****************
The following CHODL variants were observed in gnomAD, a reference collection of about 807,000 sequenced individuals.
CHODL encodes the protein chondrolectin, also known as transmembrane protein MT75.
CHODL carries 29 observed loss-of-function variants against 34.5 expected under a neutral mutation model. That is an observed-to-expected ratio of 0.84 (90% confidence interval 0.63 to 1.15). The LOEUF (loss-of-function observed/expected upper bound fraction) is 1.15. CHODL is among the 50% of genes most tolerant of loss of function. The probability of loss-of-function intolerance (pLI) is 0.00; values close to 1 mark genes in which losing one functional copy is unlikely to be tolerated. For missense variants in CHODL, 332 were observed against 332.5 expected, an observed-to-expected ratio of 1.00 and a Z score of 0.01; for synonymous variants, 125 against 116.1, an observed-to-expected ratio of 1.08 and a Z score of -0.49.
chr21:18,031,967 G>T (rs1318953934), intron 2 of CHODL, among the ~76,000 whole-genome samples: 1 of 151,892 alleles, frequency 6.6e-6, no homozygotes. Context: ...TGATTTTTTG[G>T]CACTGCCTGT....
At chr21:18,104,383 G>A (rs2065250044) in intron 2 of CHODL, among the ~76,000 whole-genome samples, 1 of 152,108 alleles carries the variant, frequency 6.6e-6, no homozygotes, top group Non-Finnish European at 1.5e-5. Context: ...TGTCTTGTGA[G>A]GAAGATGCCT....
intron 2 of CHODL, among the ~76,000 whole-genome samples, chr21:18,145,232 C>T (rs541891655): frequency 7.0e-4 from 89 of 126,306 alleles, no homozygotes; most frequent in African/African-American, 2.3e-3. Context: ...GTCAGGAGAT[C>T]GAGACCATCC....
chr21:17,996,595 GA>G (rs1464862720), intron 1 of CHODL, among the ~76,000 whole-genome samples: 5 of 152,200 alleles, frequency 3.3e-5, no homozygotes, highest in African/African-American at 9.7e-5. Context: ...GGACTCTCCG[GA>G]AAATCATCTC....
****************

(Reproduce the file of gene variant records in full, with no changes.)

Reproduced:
The following CHODL variants were observed in gnomAD, a reference collection of about 807,000 sequenced individuals.
CHODL encodes the protein chondrolectin, also known as transmembrane protein MT75.
CHODL carries 29 observed loss-of-function variants against 34.5 expected under a neutral mutation model. That is an observed-to-expected ratio of 0.84 (90% confidence interval 0.63 to 1.15). The LOEUF (loss-of-function observed/expected upper bound fraction) is 1.15. CHODL is among the 50% of genes most tolerant of loss of function. The probability of loss-of-function intolerance (pLI) is 0.00; values close to 1 mark genes in which losing one functional copy is unlikely to be tolerated. For missense variants in CHODL, 332 were observed against 332.5 expected, an observed-to-expected ratio of 1.00 and a Z score of 0.01; for synonymous variants, 125 against 116.1, an observed-to-expected ratio of 1.08 and a Z score of -0.49.
chr21:18,031,967 G>T (rs1318953934), intron 2 of CHODL, among the ~76,000 whole-genome samples: 1 of 151,892 alleles, frequency 6.6e-6, no homozygotes. Context: ...TGATTTTTTG[G>T]CACTGCCTGT....
At chr21:18,104,383 G>A (rs2065250044) in intron 2 of CHODL, among the ~76,000 whole-genome samples, 1 of 152,108 alleles carries the variant, frequency 6.6e-6, no homozygotes, top group Non-Finnish European at 1.5e-5. Context: ...TGTCTTGTGA[G>A]GAAGATGCCT....
intron 2 of CHODL, among the ~76,000 whole-genome samples, chr21:18,145,232 C>T (rs541891655): frequency 7.0e-4 from 89 of 126,306 alleles, no homozygotes; most frequent in African/African-American, 2.3e-3. Context: ...GTCAGGAGAT[C>T]GAGACCATCC....
chr21:17,996,595 GA>G (rs1464862720), intron 1 of CHODL, among the ~76,000 whole-genome samples: 5 of 152,200 alleles, frequency 3.3e-5, no homozygotes, highest in African/African-American at 9.7e-5. Context: ...GGACTCTCCG[GA>G]AAATCATCTC....